There are discussions going on at the highest level, between Ernesto Bertarelli and heads of other America's Cup teams, including Larry Ellison. These discussions are about finding a resolution to the ongoing court case and about the future of the America's Cup.
At the same time, Ellison's spokesman, Tom Ehman, is writing letters and giving interviews in which he demands that SNG/Alinghi settle for an AC32 style Cup, knowing full well that this would defeat Bertarelli's oft repeated aim of levelling the AC playing field, by cutting the cost of the competition.
In an interview with Zerogradinord, one of Ehman's opening statements was "We are just fighting for a fair chance to win the America’s Cup on the water. If the Alinghi protocol, if these rules are allowed to stand it could be the end of the America’s Cup as we know it. So, we have no choice, but to fight for fair rules for everybody, a chance to win on the water and that’s all we are fighting for."
Fair enough, if that's what Ehman believes, but when - whatever the question - he brings in "fair rules" a dozen times in as many minutes, it begins to sound like propaganda.
they can put an end to this by going to fair rules that allow everyone an equal chance ------ we just want a fair chance to win on the water ------ fair rules, like America�s Cup 32 ------ back to the rules for America�s Cup 32 ------ let�s go back to the fair rules of America�s Cup 32 ------ fair rules and a level playing field ------ fair rules, a race on the water that we all have a chance to win ------ get us back on the water with fair rules ------ proper conventional fair rules, with a fair protocol ------ fair rules of America�s Cup 32 ------ fair rules for all the challengers ------ fair rules that don�t damage the future of the America�s Cup ------ fair rules, like America�s Cup 32.
(See interview with Zerogradinord for context.)
Of course, there is nothing wrong with ramming your point home, if it is the right point, but is it? Surely, what is important here is not what Tom Ehman thinks and wants, but what the challengers think and want?
It is true that seven challengers, initially, described the protocol as "the worst text in America's Cup history", but that was before it was explained and changes were made in a democratic way. Now, even BMW Oracle admits that only two teams are still proclaiming that the protocol is unfair. A document, recently posted on the GGYC website, says "Seven teams said it was the worst protocol in the Cup's history. Emirates Team New Zealand and Mascalzone Latino have continued to publicly oppose the protocol as grossly one-sided."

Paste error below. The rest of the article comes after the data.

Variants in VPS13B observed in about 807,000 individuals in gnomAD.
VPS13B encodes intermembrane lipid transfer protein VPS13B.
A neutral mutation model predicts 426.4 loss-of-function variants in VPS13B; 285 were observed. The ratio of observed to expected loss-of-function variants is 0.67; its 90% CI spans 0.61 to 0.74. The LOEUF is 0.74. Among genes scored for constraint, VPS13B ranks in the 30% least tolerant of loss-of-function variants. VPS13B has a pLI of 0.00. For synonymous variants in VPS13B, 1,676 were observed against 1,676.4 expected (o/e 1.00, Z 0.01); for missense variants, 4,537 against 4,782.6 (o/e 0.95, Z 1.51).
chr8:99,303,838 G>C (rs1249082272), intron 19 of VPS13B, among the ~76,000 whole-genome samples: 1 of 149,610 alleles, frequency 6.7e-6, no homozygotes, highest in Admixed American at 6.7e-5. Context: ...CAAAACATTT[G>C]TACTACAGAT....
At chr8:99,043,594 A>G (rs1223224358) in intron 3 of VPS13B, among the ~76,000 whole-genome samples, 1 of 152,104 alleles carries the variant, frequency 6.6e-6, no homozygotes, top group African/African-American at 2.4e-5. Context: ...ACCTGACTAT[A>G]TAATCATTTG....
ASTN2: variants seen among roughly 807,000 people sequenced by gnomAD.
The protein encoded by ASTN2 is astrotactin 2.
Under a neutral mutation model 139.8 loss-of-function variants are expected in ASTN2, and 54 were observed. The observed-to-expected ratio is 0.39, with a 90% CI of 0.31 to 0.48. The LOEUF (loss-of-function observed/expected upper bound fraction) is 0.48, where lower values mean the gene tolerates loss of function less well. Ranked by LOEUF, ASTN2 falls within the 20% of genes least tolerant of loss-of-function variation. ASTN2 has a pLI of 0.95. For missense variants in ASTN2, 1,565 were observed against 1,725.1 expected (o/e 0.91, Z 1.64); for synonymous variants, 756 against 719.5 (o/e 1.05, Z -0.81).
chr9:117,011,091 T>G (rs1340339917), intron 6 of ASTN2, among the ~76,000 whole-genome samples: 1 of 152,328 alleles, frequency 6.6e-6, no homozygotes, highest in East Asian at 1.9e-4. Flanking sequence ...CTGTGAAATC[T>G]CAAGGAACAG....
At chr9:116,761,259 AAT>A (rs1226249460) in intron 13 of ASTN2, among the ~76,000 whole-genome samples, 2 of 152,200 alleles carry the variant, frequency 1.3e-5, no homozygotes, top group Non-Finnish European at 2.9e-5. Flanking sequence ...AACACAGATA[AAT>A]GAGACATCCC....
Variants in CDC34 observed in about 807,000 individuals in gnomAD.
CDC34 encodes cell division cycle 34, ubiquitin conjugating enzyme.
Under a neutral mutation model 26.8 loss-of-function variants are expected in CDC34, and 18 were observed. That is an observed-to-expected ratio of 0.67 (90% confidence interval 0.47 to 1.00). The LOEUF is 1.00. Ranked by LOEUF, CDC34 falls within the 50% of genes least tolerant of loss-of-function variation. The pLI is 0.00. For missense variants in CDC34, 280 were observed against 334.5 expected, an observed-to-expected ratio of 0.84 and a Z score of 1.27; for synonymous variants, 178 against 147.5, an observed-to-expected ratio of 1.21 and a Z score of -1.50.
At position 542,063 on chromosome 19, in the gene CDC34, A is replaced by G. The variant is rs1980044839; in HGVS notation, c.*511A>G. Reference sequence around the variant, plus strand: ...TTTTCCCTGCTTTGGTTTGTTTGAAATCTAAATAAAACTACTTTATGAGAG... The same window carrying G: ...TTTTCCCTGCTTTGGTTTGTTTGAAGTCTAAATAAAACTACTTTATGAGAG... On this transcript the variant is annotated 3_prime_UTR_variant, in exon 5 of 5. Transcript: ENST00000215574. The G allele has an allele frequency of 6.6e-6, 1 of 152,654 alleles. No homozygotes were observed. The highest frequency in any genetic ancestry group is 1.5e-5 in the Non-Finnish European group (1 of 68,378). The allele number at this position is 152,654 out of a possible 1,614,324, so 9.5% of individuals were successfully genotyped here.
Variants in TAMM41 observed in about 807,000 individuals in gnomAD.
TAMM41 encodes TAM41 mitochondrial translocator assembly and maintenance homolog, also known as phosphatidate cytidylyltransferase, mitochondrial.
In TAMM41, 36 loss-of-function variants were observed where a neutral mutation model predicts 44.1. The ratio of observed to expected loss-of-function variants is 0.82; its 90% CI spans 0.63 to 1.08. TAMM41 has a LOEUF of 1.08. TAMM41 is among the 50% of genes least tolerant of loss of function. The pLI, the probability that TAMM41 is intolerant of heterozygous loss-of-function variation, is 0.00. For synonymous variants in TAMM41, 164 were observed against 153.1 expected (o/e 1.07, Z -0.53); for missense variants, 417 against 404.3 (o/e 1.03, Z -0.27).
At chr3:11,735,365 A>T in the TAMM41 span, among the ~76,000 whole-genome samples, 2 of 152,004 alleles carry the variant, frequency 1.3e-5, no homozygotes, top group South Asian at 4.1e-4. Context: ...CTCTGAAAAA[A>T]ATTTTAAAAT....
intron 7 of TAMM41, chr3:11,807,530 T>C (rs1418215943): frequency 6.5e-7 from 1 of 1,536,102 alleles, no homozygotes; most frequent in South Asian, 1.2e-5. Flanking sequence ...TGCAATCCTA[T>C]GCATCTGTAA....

So, out of the six teams that entered AC33 and took part in the round the table talks, which led to the publication of the Class, Event and Competition rules, in November 2007, just two still cry "unfair". Leaving aside the Challenger of Record, Desafio Espanol, who might be accused of pro-Alinghi bias, what do the other three absolutely neutral challengers - Shosholza, Team Germany and TeamOrigin - think? Do they still believe the protocol and the rules are unfair?
Shosoloza�s Salvatore Sarno: "The revised Protocol for the 33rd Cup was giving no advantages to the Defender. In fact, most probably for the first time in the history of the Cup, the 'minor' teams like us, the English and the Germans were thinking they could win the America's Cup."
Team Germany's Jochen Schuemann: "I think the outcome to have one unique rule is what matters and when everyone receives that rule at the same time then, obviously, you have a fair competition. I think, during that consultancy process, we also came very, very close to agreeing with Oracle, because nothing was impossible to agree. You have seen that all the challengers agreed to the class rule, to the competition rule, to the event rule, so all that was there was good enough to race under."
TeamOrigin�s Marcus Hutchinson: "TeamOrigin is very happy with the consultative process. The Competitors' Commission, which has replaced the Challengers' Commission, involves the Event Organisers, the Defender and the Challengers, at the same time, and it's infinitely more efficient at getting voices heard and modifications made. All the protocol changes, plus the design rule you've read, the competition rule you've read and the event rule that you will read soon have been produced in consultation with everyone involved in the 33rd Cup and that means they've been produced on a fully democratic basis."
It is clear, from those comments, which are just a few taken from BYM interviews in this section, that the majority of challengers, whatever they felt immediately after the protocol was announced, no longer share Ehman's view that the rules are unfair and give them no chance of winning. So, why does Ehman still persist in repeating, over and over, that the rules ARE unfair and don't give challengers a chance?
Jochen Schueman told BYM News " I think these two parties, at the moment, will never agree to anything, because it’s a big ego fight and a kind of revenge of Russell against Ernesto, so there can be no agreement."
Is that the reason for the Ehman rhetoric? Is that the reason the majority challengers opinion - that the rules are fair and they have a good chance - has been ignored? Is that why Marcus Hutchinson's plea to Larry Ellison "Drop the court case, drop the court case and challenge", last November, went unheeded?
We hope that Larry Ellison takes the reins in this, listens to the challengers, meets - as planned - with Ernesto Bertarelli and makes his own decision; a decision for the good of everyone in the America's Cup community.
In addition to stories in this 33rd America's Cup section, you can read stories from the 32nd America's Cup . You will also find some older stories and interviews, from the last event, HERE.
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